As discussed in Section 4, errors in the assumed or estimated initial positions of the targets result in phase differences among the Doppler signatures corresponding to different bistatic links. In such a situation, depending upon the phase interactions, the individual Doppler signatures may destructively add to each other, yielding a significant reduction in overall signal energy accumulation through a coherent fusion process. As such, the ML search-based motion parameter estimation suffers a performance degradation in case of an imperfect knowledge about the initial positions of the targets. On the other hand, the sequential method does not rely on coherent combining of the Doppler signatures for overall signal enhancement and, hence, is robust against such phase misalignment. In order to illustrate such situation, we consider a position error of [ 1,0,0] T m, which is approximately equal to the wavelength of operation, in the estimation of the initial positions of both targets. It is evident in Figure 5 that the ML search-based motion parameter error suffers a significant performance loss, whereas the two-step sequential method is robust against such localization error, which is an observation of high practical significance.
Figure 5
Figure 5

Comparison of RMSE of parameter estimation considering an imperfect knowledge of initial target positions. (a) Acceleration. (b) Velocity.

It is important to note that there are two sources of error that are inherently associated with the target acceleration estimation using the proposed method. Since the ambiguity function, defined in (18), is bilinear, the effect of noise is enhanced, resulting in a performance degradation as compared to its linear transform counterpart. Furthermore, since matrix mapping the chirp parameters to the respective motion parameters, defined in (12), is not exactly block diagonal, the target velocity does have a small effect on the chirp rate. This introduces an estimation error in the acceleration because target velocity is not considered in (19). The significance of the error is proportional to the ratio of velocity of the receiver platform to the target-receiver separation. That is, the effect of this off-diagonal block becomes insignificant for distant targets. In the simulated example, the off-diagonal term is small, yielding negligible acceleration estimation error. Specifically, in the simulated example, the off-diagonal term is approximately [ 0.015,0,0] T 1/s and the corresponding acceleration estimation error is approximately 0.004 m/s 2. Velocity estimation, on the other hand, involves a linear process. Therefore, it does not suffer from performance degradation due to bilinear effects as in acceleration estimation. However, the error which occurred in the estimated target acceleration propagates to the velocity estimation, and the significance of such error propagation depends on the duration of the CPI. Also, when the target motion parameters are closely located in the parameter space, the performance deteriorates specially in low SNR conditions.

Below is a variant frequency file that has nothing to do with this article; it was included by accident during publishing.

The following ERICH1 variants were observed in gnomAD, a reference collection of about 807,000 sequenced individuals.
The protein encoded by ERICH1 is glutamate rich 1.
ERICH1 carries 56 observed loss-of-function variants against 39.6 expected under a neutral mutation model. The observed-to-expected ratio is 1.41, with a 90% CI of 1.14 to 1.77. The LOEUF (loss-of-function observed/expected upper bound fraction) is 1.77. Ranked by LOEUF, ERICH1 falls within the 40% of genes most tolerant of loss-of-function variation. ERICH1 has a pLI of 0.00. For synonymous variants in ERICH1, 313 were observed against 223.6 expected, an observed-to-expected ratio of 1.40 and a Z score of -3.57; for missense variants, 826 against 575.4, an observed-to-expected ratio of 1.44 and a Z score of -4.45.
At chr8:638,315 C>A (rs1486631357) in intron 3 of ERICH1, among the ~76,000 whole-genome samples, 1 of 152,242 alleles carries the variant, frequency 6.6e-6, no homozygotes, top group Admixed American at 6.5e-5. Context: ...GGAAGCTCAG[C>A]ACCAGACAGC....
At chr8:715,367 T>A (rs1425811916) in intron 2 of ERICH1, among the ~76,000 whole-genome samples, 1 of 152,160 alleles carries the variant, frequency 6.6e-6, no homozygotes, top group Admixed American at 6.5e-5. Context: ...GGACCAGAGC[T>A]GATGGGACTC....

6 Conclusions

We have developed novel methods for the estimation of motion parameters of multiple closely located ground moving targets in a multi-static passive radar platform. By exploiting the fact that the Doppler signatures of the targets corresponding to different bistatic links share the same target motion parameters as a common sparse support in the discretized parameter search space, the underlying problem is reformulated as a group sparse signal reconstruction problem. The sparse signal reconstruction-based methods allow for the fusion of data from all bistatic links, which is not possible in traditional time-frequency analysis-based methods. The two-step sequential method emphasizes on decoupling the effects of target acceleration and velocity on the Doppler signature and obtains a sequential estimation of the target motion parameters to avoid the need for a computationally demanding multi-dimensional exhaustive search. It is shown that the sequential method also outperforms the maximum likelihood search-based parameter estimation in cases where the initial positions of the targets is not precisely known. The performance of the proposed estimators is validated by simulations, and it is shown that these approaches outperform the time-frequency analysis-based methods and closely approaches the Cramér-Rao Bound.

Declarations

Acknowledgements

The work of S. Subedi, Y. D. Zhang, and M. G. Amin was supported in part by a subcontract with Defense Engineering Corporation for research sponsored by the Air Force Research Laboratory under Contract FA8650-12-D-1376 and by a subcontract with Dynetics, Inc. for research sponsored by the Air Force Research Laboratory under Contract FA8650-08-D-1303. Part of the work was presented in the 2014 IEEE International Conference on Acoustics, Speech, and Signal Processing [35].

Authors’ Affiliations

(1)
Center for Advanced Communications, Villanova University, Villanova, USA
(2)
RF Technology Branch, Air Force Research Laboratory, AFRL/RYMD, Dayton, USA

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© Subedi et al.; licensee Springer. 2014

This article is published under license to BioMed Central Ltd. This is an Open Access article distributed under the terms of the Creative Commons Attribution License (http://creativecommons.org/licenses/by/4.0), which permits unrestricted use, distribution, and reproduction in any medium, provided the original work is properly credited.